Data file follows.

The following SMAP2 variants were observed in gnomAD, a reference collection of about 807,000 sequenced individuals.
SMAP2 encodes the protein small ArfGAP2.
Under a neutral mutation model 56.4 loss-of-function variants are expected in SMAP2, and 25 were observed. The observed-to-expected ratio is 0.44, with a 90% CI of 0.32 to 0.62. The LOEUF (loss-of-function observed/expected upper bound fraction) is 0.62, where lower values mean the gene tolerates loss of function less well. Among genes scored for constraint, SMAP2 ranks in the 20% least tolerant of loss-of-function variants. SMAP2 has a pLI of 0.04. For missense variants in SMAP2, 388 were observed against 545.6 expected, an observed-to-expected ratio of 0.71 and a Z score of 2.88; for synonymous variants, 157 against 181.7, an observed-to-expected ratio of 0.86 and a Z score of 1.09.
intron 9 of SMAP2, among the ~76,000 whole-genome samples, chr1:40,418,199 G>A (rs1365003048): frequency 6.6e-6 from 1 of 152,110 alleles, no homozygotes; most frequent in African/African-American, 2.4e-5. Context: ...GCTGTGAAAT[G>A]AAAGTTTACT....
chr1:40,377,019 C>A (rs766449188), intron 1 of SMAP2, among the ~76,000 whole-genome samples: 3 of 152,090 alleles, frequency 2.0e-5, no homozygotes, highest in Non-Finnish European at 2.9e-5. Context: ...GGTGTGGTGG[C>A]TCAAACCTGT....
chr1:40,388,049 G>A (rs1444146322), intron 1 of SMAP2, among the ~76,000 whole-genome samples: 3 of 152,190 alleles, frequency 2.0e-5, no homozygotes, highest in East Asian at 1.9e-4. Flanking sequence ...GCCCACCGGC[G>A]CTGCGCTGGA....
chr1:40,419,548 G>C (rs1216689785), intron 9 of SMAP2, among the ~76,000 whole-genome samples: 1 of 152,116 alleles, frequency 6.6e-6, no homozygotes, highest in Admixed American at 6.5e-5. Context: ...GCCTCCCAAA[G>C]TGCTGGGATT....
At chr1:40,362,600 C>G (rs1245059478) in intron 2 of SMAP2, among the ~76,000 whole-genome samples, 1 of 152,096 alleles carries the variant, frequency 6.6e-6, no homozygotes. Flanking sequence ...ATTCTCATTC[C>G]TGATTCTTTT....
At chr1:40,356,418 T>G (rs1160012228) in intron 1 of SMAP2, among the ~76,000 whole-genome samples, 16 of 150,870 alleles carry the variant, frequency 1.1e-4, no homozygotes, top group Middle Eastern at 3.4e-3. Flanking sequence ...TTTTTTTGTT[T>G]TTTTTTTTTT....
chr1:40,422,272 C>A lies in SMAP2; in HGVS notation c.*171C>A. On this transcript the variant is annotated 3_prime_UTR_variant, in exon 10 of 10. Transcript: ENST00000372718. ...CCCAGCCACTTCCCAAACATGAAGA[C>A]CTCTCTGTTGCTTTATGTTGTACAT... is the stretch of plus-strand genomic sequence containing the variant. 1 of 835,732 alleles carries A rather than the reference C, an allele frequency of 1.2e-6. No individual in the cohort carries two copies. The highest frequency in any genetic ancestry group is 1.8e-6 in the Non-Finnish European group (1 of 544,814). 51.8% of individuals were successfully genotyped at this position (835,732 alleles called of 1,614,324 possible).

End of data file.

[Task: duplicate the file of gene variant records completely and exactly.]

The following SMAP2 variants were observed in gnomAD, a reference collection of about 807,000 sequenced individuals.
SMAP2 encodes the protein small ArfGAP2.
Under a neutral mutation model 56.4 loss-of-function variants are expected in SMAP2, and 25 were observed. The observed-to-expected ratio is 0.44, with a 90% CI of 0.32 to 0.62. The LOEUF (loss-of-function observed/expected upper bound fraction) is 0.62, where lower values mean the gene tolerates loss of function less well. Among genes scored for constraint, SMAP2 ranks in the 20% least tolerant of loss-of-function variants. SMAP2 has a pLI of 0.04. For missense variants in SMAP2, 388 were observed against 545.6 expected, an observed-to-expected ratio of 0.71 and a Z score of 2.88; for synonymous variants, 157 against 181.7, an observed-to-expected ratio of 0.86 and a Z score of 1.09.
intron 9 of SMAP2, among the ~76,000 whole-genome samples, chr1:40,418,199 G>A (rs1365003048): frequency 6.6e-6 from 1 of 152,110 alleles, no homozygotes; most frequent in African/African-American, 2.4e-5. Context: ...GCTGTGAAAT[G>A]AAAGTTTACT....
chr1:40,377,019 C>A (rs766449188), intron 1 of SMAP2, among the ~76,000 whole-genome samples: 3 of 152,090 alleles, frequency 2.0e-5, no homozygotes, highest in Non-Finnish European at 2.9e-5. Context: ...GGTGTGGTGG[C>A]TCAAACCTGT....
chr1:40,388,049 G>A (rs1444146322), intron 1 of SMAP2, among the ~76,000 whole-genome samples: 3 of 152,190 alleles, frequency 2.0e-5, no homozygotes, highest in East Asian at 1.9e-4. Flanking sequence ...GCCCACCGGC[G>A]CTGCGCTGGA....
chr1:40,419,548 G>C (rs1216689785), intron 9 of SMAP2, among the ~76,000 whole-genome samples: 1 of 152,116 alleles, frequency 6.6e-6, no homozygotes, highest in Admixed American at 6.5e-5. Context: ...GCCTCCCAAA[G>C]TGCTGGGATT....
At chr1:40,362,600 C>G (rs1245059478) in intron 2 of SMAP2, among the ~76,000 whole-genome samples, 1 of 152,096 alleles carries the variant, frequency 6.6e-6, no homozygotes. Flanking sequence ...ATTCTCATTC[C>G]TGATTCTTTT....
At chr1:40,356,418 T>G (rs1160012228) in intron 1 of SMAP2, among the ~76,000 whole-genome samples, 16 of 150,870 alleles carry the variant, frequency 1.1e-4, no homozygotes, top group Middle Eastern at 3.4e-3. Flanking sequence ...TTTTTTTGTT[T>G]TTTTTTTTTT....
chr1:40,422,272 C>A lies in SMAP2; in HGVS notation c.*171C>A. On this transcript the variant is annotated 3_prime_UTR_variant, in exon 10 of 10. Transcript: ENST00000372718. ...CCCAGCCACTTCCCAAACATGAAGA[C>A]CTCTCTGTTGCTTTATGTTGTACAT... is the stretch of plus-strand genomic sequence containing the variant. 1 of 835,732 alleles carries A rather than the reference C, an allele frequency of 1.2e-6. No individual in the cohort carries two copies. The highest frequency in any genetic ancestry group is 1.8e-6 in the Non-Finnish European group (1 of 544,814). 51.8% of individuals were successfully genotyped at this position (835,732 alleles called of 1,614,324 possible).